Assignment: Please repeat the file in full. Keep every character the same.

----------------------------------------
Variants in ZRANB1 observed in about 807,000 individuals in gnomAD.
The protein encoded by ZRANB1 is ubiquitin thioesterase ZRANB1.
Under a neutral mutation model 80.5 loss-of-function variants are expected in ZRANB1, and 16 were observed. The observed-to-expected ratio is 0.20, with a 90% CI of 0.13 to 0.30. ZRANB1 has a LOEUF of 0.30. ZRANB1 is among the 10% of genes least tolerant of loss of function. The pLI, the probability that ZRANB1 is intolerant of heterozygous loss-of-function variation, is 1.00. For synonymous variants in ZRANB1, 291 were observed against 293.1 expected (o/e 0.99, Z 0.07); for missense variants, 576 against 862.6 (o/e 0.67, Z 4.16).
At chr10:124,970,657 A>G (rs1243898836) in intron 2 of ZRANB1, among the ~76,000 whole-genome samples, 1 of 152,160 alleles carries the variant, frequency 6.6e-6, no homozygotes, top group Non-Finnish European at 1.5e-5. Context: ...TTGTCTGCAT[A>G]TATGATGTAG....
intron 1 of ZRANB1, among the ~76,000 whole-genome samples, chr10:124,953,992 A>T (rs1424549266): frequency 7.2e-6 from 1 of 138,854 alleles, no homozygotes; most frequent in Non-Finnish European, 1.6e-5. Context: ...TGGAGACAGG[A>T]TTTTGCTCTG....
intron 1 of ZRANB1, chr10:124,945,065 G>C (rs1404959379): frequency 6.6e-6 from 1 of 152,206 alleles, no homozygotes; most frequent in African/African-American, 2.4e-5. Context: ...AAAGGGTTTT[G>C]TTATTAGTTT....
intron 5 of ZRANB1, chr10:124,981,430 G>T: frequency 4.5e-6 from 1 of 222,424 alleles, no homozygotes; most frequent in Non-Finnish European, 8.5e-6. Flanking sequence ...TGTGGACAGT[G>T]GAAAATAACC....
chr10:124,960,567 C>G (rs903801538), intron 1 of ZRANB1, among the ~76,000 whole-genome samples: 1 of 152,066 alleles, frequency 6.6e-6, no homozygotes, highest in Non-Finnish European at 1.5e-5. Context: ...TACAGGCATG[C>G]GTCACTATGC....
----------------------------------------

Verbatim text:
Variants in ZRANB1 observed in about 807,000 individuals in gnomAD.
The protein encoded by ZRANB1 is ubiquitin thioesterase ZRANB1.
Under a neutral mutation model 80.5 loss-of-function variants are expected in ZRANB1, and 16 were observed. The observed-to-expected ratio is 0.20, with a 90% CI of 0.13 to 0.30. ZRANB1 has a LOEUF of 0.30. ZRANB1 is among the 10% of genes least tolerant of loss of function. The pLI, the probability that ZRANB1 is intolerant of heterozygous loss-of-function variation, is 1.00. For synonymous variants in ZRANB1, 291 were observed against 293.1 expected (o/e 0.99, Z 0.07); for missense variants, 576 against 862.6 (o/e 0.67, Z 4.16).
At chr10:124,970,657 A>G (rs1243898836) in intron 2 of ZRANB1, among the ~76,000 whole-genome samples, 1 of 152,160 alleles carries the variant, frequency 6.6e-6, no homozygotes, top group Non-Finnish European at 1.5e-5. Context: ...TTGTCTGCAT[A>G]TATGATGTAG....
intron 1 of ZRANB1, among the ~76,000 whole-genome samples, chr10:124,953,992 A>T (rs1424549266): frequency 7.2e-6 from 1 of 138,854 alleles, no homozygotes; most frequent in Non-Finnish European, 1.6e-5. Context: ...TGGAGACAGG[A>T]TTTTGCTCTG....
intron 1 of ZRANB1, chr10:124,945,065 G>C (rs1404959379): frequency 6.6e-6 from 1 of 152,206 alleles, no homozygotes; most frequent in African/African-American, 2.4e-5. Context: ...AAAGGGTTTT[G>C]TTATTAGTTT....
intron 5 of ZRANB1, chr10:124,981,430 G>T: frequency 4.5e-6 from 1 of 222,424 alleles, no homozygotes; most frequent in Non-Finnish European, 8.5e-6. Flanking sequence ...TGTGGACAGT[G>T]GAAAATAACC....
chr10:124,960,567 C>G (rs903801538), intron 1 of ZRANB1, among the ~76,000 whole-genome samples: 1 of 152,066 alleles, frequency 6.6e-6, no homozygotes, highest in Non-Finnish European at 1.5e-5. Context: ...TACAGGCATG[C>G]GTCACTATGC....